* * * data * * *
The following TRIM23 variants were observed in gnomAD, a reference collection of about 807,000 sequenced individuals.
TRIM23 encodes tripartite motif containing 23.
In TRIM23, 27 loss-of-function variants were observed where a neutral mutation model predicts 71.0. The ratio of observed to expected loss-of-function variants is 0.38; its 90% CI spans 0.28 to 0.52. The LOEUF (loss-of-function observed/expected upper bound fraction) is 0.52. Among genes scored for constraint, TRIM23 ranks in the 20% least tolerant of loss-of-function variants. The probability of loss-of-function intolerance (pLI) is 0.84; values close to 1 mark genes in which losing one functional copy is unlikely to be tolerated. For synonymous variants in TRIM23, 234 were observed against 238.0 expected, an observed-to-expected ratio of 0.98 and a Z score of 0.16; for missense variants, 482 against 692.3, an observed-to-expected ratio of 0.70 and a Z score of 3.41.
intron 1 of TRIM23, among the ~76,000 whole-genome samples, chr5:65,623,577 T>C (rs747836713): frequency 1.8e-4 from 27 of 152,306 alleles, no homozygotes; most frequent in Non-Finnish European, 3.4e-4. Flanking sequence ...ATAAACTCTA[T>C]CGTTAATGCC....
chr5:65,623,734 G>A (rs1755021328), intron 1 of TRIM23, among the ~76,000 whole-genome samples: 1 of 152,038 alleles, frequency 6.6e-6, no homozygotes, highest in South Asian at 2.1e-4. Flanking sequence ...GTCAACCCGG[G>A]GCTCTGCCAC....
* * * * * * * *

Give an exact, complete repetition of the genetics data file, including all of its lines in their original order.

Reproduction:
The following TRIM23 variants were observed in gnomAD, a reference collection of about 807,000 sequenced individuals.
TRIM23 encodes tripartite motif containing 23.
In TRIM23, 27 loss-of-function variants were observed where a neutral mutation model predicts 71.0. The ratio of observed to expected loss-of-function variants is 0.38; its 90% CI spans 0.28 to 0.52. The LOEUF (loss-of-function observed/expected upper bound fraction) is 0.52. Among genes scored for constraint, TRIM23 ranks in the 20% least tolerant of loss-of-function variants. The probability of loss-of-function intolerance (pLI) is 0.84; values close to 1 mark genes in which losing one functional copy is unlikely to be tolerated. For synonymous variants in TRIM23, 234 were observed against 238.0 expected, an observed-to-expected ratio of 0.98 and a Z score of 0.16; for missense variants, 482 against 692.3, an observed-to-expected ratio of 0.70 and a Z score of 3.41.
intron 1 of TRIM23, among the ~76,000 whole-genome samples, chr5:65,623,577 T>C (rs747836713): frequency 1.8e-4 from 27 of 152,306 alleles, no homozygotes; most frequent in Non-Finnish European, 3.4e-4. Flanking sequence ...ATAAACTCTA[T>C]CGTTAATGCC....
chr5:65,623,734 G>A (rs1755021328), intron 1 of TRIM23, among the ~76,000 whole-genome samples: 1 of 152,038 alleles, frequency 6.6e-6, no homozygotes, highest in South Asian at 2.1e-4. Flanking sequence ...GTCAACCCGG[G>A]GCTCTGCCAC....